Would a budget of one million, five million, ten million or more dollars be approved? Would it be unlimited, like a federal independent prosecutor? Seems to me that the EC itself has to make some determinations here. The SATF cannot be given an open ended budget. To do that would be unnecessary, unwise, and a Cooperative Program killer.
The SATF has seven members and two advisors. Will members be paid beyond their travel expenses? I assume not.
I also assume that the two advisors will be paid but don’t know that for certain. Will this be made public like the contract with the investigators? In the SBC we are ridiculously secretive about compensation, to my chagrin. Is there reason not to be transparent about compensation of this committee and advisors?
If a firm is retained with the mandate to interview and investigate hundreds of people for a period extending over 21 years, it’s hard to see anything less than millions upon millions upon millions being spent. If I’m making something simple into something difficult, please help me.
And make a note here. CP giving is the only source for payment authorized by the SBC motion. If CP giving is over the allocation budget, that is, there’s an excess over the fiscal 2021-2022 allocation budget, will that excess be diverted in full or part to the SATF? Correct me if necessary but SBC messengers have already voted to allocate such overages to the IMB and other mission causes. The EC, presumably, can override this if exigent circumstances arise. Let’s see them take a public vote on this – millions that would have gone to IMB or NAMB or the seminaries now being transferred for this investigation. One hopes that doesn’t happen. I’m not seeing where else the money would come from.
My view is that more thought should have been given to this. It was a heat-of-the-moment, ad hoc action. Perhaps the EC and the independent SATF will cooperate to work it out. But is it not impossible to be independent yet cooperative at the same time? Cooperate on some things. Independent on others. Irony here, brethren. But, again, maybe the SATF has worked this out. So, tell us.
What about the charge to the SATF to investigation “Allegations of abuse by Executive Committee members”?
What allegations? Are there allegations of SBCEC members abusing children or adults? Aren’t these crimes that should have been reported already? Or, are we talking about being brusque or dismissive to those who bring allegations? Are we stretching the vocabulary here? I have read of no allegations of sex abuse by EC members.
The “mishandling of abuse” shall be investigated.
I am aware of one prominent case of abuse that did not originate within the EC but that the EC mishandled. By all means, investigate the heck out of that one.
Isn’t the charge to investigate “resistance to sexual abuse reform initiatives” over the 21+ year span authorized, too broad?
The EC has rightly resisted some reform initiatives, namely the SBC abuse database. I have resisted some reform initiatives (but since I’m not on the EC, I am free from being investigated by the SATF). The SBC is a collection of autonomous churches and entities. There are limits on what reform measure are possible. We have, can, and should resist some measures. Others, we should adopt. Pray that the SATF focuses on the latter.
The call for an “audit of the procedures and actions taken by the Credentials Committee of the Southern Baptist Convention, which was formed at the Convention meeting in Birmingham, AL, June 11-12, 2019.”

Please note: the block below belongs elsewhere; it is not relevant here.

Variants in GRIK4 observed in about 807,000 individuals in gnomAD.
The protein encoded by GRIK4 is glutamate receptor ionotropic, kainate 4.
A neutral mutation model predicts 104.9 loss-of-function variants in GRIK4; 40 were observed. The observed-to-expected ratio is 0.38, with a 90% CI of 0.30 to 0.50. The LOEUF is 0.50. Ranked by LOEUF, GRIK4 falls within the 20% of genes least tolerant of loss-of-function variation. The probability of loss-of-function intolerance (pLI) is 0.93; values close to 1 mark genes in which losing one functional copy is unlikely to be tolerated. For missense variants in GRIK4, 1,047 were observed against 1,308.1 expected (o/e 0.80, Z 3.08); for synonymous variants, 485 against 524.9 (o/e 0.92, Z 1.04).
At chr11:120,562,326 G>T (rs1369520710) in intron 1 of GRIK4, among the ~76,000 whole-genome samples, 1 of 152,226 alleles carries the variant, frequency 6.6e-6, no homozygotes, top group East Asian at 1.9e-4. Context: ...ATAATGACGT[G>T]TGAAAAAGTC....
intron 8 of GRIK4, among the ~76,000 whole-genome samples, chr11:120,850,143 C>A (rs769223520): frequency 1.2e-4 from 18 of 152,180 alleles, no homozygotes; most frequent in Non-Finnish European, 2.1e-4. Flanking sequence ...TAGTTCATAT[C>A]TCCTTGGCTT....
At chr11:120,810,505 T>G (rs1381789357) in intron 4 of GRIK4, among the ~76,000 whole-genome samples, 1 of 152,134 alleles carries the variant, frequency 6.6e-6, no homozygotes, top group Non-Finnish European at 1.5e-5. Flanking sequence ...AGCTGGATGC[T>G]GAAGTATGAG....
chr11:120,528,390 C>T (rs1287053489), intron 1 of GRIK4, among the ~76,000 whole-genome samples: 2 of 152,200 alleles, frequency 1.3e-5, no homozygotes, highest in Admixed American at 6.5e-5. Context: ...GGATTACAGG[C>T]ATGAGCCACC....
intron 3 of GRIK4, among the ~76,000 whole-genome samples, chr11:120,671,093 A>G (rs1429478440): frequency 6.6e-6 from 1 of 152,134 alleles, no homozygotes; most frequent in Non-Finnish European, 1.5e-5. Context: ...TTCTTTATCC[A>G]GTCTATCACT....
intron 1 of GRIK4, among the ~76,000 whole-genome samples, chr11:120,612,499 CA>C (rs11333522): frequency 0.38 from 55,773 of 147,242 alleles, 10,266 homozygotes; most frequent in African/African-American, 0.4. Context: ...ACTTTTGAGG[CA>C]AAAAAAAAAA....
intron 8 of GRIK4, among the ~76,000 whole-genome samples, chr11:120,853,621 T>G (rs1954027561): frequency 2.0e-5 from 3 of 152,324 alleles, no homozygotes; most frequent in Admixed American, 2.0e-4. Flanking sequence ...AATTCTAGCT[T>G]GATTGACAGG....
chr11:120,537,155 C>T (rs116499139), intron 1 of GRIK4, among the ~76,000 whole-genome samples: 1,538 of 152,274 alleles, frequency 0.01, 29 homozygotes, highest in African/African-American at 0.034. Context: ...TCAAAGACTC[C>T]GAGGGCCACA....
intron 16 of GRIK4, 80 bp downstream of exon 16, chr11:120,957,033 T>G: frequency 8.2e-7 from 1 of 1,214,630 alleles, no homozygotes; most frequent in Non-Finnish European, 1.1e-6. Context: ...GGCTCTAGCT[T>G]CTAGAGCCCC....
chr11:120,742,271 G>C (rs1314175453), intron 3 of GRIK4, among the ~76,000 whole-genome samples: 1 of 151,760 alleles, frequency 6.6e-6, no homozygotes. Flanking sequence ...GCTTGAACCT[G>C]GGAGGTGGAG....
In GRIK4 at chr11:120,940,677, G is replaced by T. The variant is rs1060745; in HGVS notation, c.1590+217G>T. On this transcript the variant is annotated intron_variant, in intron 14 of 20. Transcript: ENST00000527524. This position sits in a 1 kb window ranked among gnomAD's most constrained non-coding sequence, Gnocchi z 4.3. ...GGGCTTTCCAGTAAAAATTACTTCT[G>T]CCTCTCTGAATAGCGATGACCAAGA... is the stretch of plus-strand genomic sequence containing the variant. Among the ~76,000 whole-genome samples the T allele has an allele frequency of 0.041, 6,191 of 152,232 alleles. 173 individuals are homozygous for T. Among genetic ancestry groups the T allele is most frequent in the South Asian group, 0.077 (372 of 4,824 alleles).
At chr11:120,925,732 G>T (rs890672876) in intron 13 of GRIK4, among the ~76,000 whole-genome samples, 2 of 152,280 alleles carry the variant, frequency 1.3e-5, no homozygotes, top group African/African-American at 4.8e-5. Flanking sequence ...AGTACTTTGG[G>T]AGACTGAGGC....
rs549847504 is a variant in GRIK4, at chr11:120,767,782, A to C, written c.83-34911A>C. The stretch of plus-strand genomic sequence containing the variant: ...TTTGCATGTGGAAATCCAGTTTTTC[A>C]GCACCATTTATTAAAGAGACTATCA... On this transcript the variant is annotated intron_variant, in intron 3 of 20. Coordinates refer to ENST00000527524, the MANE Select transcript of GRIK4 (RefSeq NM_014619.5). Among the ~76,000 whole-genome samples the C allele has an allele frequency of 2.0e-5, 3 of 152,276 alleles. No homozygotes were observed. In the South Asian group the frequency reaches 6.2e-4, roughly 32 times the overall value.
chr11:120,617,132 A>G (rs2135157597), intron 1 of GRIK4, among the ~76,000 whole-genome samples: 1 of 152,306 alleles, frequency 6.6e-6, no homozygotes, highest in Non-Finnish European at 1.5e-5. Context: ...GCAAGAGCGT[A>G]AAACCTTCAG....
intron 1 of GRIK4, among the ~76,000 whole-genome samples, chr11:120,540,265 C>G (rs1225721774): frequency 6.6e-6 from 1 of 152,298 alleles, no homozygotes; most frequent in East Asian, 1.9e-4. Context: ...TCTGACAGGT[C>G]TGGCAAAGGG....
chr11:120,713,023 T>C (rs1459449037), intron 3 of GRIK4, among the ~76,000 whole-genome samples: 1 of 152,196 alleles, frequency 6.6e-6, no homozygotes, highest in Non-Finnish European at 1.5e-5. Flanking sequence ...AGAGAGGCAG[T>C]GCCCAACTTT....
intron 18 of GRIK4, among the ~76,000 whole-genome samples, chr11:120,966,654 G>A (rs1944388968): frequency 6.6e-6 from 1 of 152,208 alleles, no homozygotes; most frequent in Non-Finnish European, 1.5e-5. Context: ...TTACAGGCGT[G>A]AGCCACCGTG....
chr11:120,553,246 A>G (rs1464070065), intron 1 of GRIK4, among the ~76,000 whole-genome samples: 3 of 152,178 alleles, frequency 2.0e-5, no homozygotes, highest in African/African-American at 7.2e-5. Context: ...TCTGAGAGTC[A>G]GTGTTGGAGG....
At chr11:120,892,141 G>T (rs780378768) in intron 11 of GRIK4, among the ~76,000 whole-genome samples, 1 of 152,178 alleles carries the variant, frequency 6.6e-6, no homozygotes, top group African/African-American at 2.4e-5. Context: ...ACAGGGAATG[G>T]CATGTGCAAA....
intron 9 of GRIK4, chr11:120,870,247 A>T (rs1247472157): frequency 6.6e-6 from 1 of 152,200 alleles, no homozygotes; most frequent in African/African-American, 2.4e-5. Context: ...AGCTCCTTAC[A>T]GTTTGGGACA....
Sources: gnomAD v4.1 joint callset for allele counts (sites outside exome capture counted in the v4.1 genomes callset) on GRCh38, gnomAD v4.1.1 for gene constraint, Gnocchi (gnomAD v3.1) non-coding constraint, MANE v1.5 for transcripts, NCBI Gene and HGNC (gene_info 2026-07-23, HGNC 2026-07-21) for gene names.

This is needed and should be done. The system seems not to have worked. By all means, try and assess if the problem was structural or if other reasons were the cause.
Waiving of attorney client privilege or urging that individuals waive this privilege
This is complicated. Why any individual would waive this is a mystery to me. If the investigators interview former employees or former EC members and they feel the necessity of counsel, what lawyer would take that client if every word is made public? Legal lay guy here. Maybe there’s a simple answer. Seems certain that abuse plaintiff’s lawyers will be listening and watching. The EC’s insurer will be doing the same. SBCers will be also.
Make a note: the SATF has only has 274 days to do all this, a written report being required by the messengers no later than May 11, 2022. No slow walking this one.
I do not quarrel with the idea that our EC needs to be investigated. So, we’re doing this. Perhaps the devil will not be in the details. On a pessimistic day I would say that it is a certainly this investigation will be a mess. Today, I’m lightly optimistic.
I commend the SATF for creating a website and putting their docs on it. Openness and transparency. We don’t usually do this. Presumably, the meetings of the SATF will be open to all and a record of SATF discussions not locked up for a generation like the Great Commission Task Force. Presumably, discussions between the SATF and advisors will be public as well.
Here are the members and advisors of the SATF. Their work requires some wisdom. Prayers needed. I’m doing that, plus asking some questions. No law against either.
Members of the Task Force
Bruce Frank, D.Min.
Lead Pastor, Biltmore Baptist Church, Asheville, NC, Task Force Chair
R. Marshall Blalock, D.Min.
Pastor, First Baptist Church of Charleston, Task Force Vice Chair
John Damon, Ph.D.
Chief Executive Officer, Canopy Children’s Solutions
Liz Evan, J.D.
Heather Evans, DSW, LCSW
Director, Evans Counseling Services
Andrew Hébert, Ed.D.
Lead Pastor, Paramount Baptist Church, Amarillo, Texas
Bucas Sterling, III
Senior Pastor, Kettering Baptist Church
Advisors to the Task Force
Rachael Denhollander, JD
Rev. Chris Moles, M.A.B.C
I’ll make a prediction that no one in the SBC will read this entire article. Free CFA frosted lemonade if you do.